Should learning designers experience lots of learning designs?

May 2009

The novelists I know are all voracious readers. The game designers constantly talk about the recent games that they have played. I am pretty sure this isn't an accident. So it might be natural to expect that if somebody is going to be good at designing learning experiences that they'd spend lots of time going through learning experiences themselves. This has been at the back of my mind for a while, and I was reminded about by these wonderful photos of where science-fiction authors write as well as by being a part-time student at the moment which is a salient reminder than it is so easy to forget quite what it is like to be a student.

It's naturally not quite as easy to take a full-blown course as it is to read a novel or play a game. The commitment is much bigger, you have to accept the power relationship involved in being a student, and you can only experience learning something for the first time once. This doesn't mean that you won't learn an enormous amount about designing learning experiences from being a student again (in fact I think the OU's fee waiver scheme for staff is a really smart move in terms of improving the quality of its courses generally) but there are also going to be limits in terms of exposure to formal learning experiences at least.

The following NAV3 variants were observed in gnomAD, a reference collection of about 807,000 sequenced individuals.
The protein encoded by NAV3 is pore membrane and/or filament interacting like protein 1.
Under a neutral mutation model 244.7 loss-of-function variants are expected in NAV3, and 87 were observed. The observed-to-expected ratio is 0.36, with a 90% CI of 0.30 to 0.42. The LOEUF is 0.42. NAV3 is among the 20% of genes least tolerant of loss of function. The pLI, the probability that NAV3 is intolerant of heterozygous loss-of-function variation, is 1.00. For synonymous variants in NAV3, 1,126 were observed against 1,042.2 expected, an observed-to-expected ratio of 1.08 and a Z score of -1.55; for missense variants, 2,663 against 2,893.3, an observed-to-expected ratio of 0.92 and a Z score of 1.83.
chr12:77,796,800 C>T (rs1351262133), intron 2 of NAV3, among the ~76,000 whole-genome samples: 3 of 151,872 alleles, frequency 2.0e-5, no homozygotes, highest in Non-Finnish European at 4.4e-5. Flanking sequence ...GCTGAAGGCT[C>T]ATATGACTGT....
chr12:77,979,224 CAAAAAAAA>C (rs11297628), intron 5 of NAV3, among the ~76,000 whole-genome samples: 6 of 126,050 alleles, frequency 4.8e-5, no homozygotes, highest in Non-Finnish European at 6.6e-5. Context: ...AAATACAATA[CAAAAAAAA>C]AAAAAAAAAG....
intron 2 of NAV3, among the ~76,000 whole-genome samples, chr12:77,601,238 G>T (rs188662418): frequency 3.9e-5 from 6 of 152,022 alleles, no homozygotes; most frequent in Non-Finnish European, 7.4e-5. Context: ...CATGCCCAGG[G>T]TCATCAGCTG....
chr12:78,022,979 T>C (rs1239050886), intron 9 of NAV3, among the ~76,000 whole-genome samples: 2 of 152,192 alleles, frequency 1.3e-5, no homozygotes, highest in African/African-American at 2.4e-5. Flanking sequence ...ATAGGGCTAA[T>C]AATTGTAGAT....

I think this relates to representations of learning designs, because I suspect that one major use for them is allow people to at least get a little bit of a sense of what it is like to experience the design, to help build up that gradual bank of experiences of learning designs just slightly. In fact, when you show representations of learning designs to people, one of the most common reactions you get is a longing to see exactly what things are like from the student perspective. People want to see the exact instructions that are given to students for example and to imagine themselves doing the course.

So I think we need to bear this is mind when thinking about different types of purposes of representations of learning designs. Learning design representations don't need to be about collaboration, reuse or inspiration but can just be a way to allow people to at least in a very partial manner, experience more learning designs than would otherwise be possible.